After about 20 minutes, when all was ready, Dr. Jenny came in. Since my right groin was used last time, they wanted to use it again this time. Dr. Jenny found a great pulse in my right femoral artery and said she was going to numb me up. I felt a few little pricks as she injected lidocaine around the area she was going to access. Due to the blowers in the room, I didn’t hear what she said next. But I suddenly felt a big, deep, dull PINCH that I wasn’t expecting and made me involuntarily grimace. It was only a few seconds later, when by her hand motions and a slight…sliding sensation at the insertion site, I realized she was threading the catheter up towards my head. I realized the big pinch had been Dr. Jenny accessing my femoral artery with a giant needle. Ok then.
The staff doctor was present the whole time, but had enough trust in Dr. Jenny that he decided not to scrub in. Once it was time to inject the dye and take images, Dr. Jenny told me, “Take a deep breath in and exhale…now don’t breathe, don’t move, don’t swallow. Don’t breathe, don’t move, don’t swallow. Now breathe.” I have to admit I almost started laughing because her words made me think of this iconic moment in television history:
I felt warmth on the left side of my face when the dye was injected. Then I saw lights flashing across my eyes when the x-rays were blasting my head with radiation three inches from my face. Luckily, I only had to go through that twice. From the time my femoral artery was accessed to the time the catheter was removed, it was probably only about 20 minutes.
Dr. Jenny had to hold pressure on my groin for 20 minutes to get the bleeding to stop. While she was doing this, the staff doctor brought my images up on the screen (which was conveniently located right next to my head). He said the aneurysm was “about 90% gone”. I saw the tiny blip he meant, which ended up measuring 1.3 x 1.1 mm in size.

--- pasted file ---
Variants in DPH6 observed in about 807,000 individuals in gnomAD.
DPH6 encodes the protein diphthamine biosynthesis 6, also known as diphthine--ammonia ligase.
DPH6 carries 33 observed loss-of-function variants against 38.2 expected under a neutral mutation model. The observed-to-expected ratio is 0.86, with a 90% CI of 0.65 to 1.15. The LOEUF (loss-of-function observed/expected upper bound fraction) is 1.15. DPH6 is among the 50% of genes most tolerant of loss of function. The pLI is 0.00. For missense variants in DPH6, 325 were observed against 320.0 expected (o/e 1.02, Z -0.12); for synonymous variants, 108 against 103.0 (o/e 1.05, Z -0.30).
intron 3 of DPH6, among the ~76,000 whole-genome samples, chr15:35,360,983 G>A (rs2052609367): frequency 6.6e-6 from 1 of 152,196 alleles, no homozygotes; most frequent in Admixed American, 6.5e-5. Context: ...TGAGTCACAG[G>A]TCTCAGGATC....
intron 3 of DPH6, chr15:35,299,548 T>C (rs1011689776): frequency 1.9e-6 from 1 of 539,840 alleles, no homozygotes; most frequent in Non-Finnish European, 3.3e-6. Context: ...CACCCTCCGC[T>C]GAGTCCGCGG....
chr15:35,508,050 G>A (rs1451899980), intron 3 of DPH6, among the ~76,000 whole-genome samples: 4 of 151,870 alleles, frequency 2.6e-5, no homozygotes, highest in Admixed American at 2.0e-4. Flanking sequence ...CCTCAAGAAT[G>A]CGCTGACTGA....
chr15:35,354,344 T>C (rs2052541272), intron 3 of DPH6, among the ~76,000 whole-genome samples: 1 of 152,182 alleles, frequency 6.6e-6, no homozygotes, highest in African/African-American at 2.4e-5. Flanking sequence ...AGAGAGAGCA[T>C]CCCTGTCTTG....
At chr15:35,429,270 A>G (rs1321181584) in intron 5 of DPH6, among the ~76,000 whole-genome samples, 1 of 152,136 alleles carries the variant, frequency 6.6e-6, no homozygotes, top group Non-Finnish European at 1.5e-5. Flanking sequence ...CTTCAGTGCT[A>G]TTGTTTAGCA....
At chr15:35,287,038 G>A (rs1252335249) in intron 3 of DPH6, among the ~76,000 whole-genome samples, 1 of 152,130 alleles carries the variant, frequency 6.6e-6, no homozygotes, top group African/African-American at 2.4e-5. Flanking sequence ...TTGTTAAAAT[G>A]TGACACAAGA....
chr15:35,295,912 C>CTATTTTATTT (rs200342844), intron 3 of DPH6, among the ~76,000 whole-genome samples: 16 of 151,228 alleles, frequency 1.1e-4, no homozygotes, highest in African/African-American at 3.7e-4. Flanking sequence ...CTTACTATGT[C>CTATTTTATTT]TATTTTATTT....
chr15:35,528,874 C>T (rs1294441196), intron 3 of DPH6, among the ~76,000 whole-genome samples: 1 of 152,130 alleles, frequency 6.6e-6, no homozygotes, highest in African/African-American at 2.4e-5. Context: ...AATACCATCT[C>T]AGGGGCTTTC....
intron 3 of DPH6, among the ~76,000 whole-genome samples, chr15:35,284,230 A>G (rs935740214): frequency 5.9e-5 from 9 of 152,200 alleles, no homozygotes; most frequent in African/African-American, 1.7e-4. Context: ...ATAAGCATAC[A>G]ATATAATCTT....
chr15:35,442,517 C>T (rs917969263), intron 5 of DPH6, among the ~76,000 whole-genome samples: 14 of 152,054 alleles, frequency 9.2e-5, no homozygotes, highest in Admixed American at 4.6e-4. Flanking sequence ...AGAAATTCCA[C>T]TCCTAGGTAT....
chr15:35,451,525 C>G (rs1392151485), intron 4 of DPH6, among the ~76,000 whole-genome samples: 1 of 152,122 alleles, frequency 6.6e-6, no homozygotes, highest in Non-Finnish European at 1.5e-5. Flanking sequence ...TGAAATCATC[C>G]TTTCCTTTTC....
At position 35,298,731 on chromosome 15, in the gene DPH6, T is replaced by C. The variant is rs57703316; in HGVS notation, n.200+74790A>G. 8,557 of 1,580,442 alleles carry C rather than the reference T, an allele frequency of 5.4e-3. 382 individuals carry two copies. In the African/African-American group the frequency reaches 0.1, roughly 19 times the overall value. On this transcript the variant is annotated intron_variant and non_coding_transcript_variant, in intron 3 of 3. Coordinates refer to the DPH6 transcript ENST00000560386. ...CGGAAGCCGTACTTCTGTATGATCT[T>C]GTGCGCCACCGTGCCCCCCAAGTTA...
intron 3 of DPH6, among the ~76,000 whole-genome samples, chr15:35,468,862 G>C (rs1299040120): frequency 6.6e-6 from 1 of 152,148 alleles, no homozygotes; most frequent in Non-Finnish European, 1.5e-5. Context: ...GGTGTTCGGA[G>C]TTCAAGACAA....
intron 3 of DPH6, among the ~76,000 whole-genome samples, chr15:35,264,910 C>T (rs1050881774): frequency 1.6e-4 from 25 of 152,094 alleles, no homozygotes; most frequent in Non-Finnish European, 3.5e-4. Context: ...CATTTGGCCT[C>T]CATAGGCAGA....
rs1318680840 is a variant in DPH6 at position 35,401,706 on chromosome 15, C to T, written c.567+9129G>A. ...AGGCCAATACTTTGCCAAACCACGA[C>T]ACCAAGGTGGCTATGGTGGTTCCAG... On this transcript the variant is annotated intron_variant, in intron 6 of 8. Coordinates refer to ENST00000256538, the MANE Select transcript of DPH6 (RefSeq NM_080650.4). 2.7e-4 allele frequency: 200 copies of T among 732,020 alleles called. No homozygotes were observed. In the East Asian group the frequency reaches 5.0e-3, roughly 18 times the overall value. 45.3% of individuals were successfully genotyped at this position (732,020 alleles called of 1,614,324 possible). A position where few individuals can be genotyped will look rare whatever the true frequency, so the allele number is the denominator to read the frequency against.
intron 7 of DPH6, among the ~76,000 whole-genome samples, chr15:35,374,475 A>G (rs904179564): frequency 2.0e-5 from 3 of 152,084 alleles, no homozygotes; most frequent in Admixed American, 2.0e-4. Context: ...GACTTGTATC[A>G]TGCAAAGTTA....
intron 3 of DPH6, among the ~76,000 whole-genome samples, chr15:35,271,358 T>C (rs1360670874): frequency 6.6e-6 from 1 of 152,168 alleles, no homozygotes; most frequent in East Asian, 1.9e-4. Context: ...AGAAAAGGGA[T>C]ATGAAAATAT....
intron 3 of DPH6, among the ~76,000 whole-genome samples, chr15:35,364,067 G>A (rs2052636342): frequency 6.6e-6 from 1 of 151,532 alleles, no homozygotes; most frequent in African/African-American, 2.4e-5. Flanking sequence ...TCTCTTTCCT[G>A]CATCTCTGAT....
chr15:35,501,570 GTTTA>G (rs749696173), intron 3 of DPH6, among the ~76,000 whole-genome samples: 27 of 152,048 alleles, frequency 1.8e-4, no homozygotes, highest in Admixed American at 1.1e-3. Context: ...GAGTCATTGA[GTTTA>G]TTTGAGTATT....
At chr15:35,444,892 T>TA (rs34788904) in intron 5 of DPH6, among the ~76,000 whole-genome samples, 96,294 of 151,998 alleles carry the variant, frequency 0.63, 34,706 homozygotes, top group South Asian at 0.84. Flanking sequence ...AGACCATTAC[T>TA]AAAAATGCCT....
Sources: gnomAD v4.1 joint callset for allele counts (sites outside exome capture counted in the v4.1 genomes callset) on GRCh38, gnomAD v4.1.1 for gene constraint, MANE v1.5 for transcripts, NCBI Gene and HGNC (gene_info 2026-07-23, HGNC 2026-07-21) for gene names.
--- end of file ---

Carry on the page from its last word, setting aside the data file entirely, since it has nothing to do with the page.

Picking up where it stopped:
Now my instructions were to lay flat for the next four hours, until 5:30 pm. I started out in interventional radiology recovery, but then two hours later, I was transferred upstairs to the short-stay unit. I was bored out of my mind. There isn’t much you can do when you’re laying flat on your back with no pillows to support your head. Luckily, since I was in the same building as my sort-of place of employment, my BF Holly came up to visit me for awhile! Her visit cheered me up and helped pass the time.
After what seemed an eternity, I was allowed to sit up part way. Once it was determined I wasn’t bleeding, I sat up a bit more. Then it was time to sit me on the side of the bed and do vitals sitting and standing. I knew this could be a bit hairy. Since I really didn’t want to use a bedpan, I hadn’t drank anything except a few ounces of apple juice right after the procedure. Since I had been NPO prior to the procedure since 9 am, by the time 6 pm rolled around, my POTSie body was in full rebellion. My heart rate was in the 90s sitting up and went up into the 120s when I stood up. My blood pressure was a bit high, but my nurse took it again once I had been allowed to pee (which I had been holding for about three hours) and then it was a little better. (I didn’t tell her I chugged half a liter of Propel before the second measurement, which also helped my heart rate come down a bit).
My transport guy finally arrived around 6:15 pm and we peaced out. This guy was an angel. When we told him we were parked in the employee parking garage, he said he would roll me out there. He sat with me on the first floor of the garage while David got the car from the 7th floor, then rolled me right up to the car. Unlike with other patients, who are discharged from the main lobby, he braved the cold and windy night to wheel me that far because we were “family.” David and I were amazed and so thankful.
So how did everything really turn out? My neurovascular surgeon reviewed my images and told me about the small remnant (which is only left in about 20% of patients at the one-year mark, hmmph). I’m to continue on aspirin 325 mg and have an MRA in a year. So not another angiogram, thank goodness! The whole aneurysm thing isn’t really behind me yet, but hopefully it will be next year!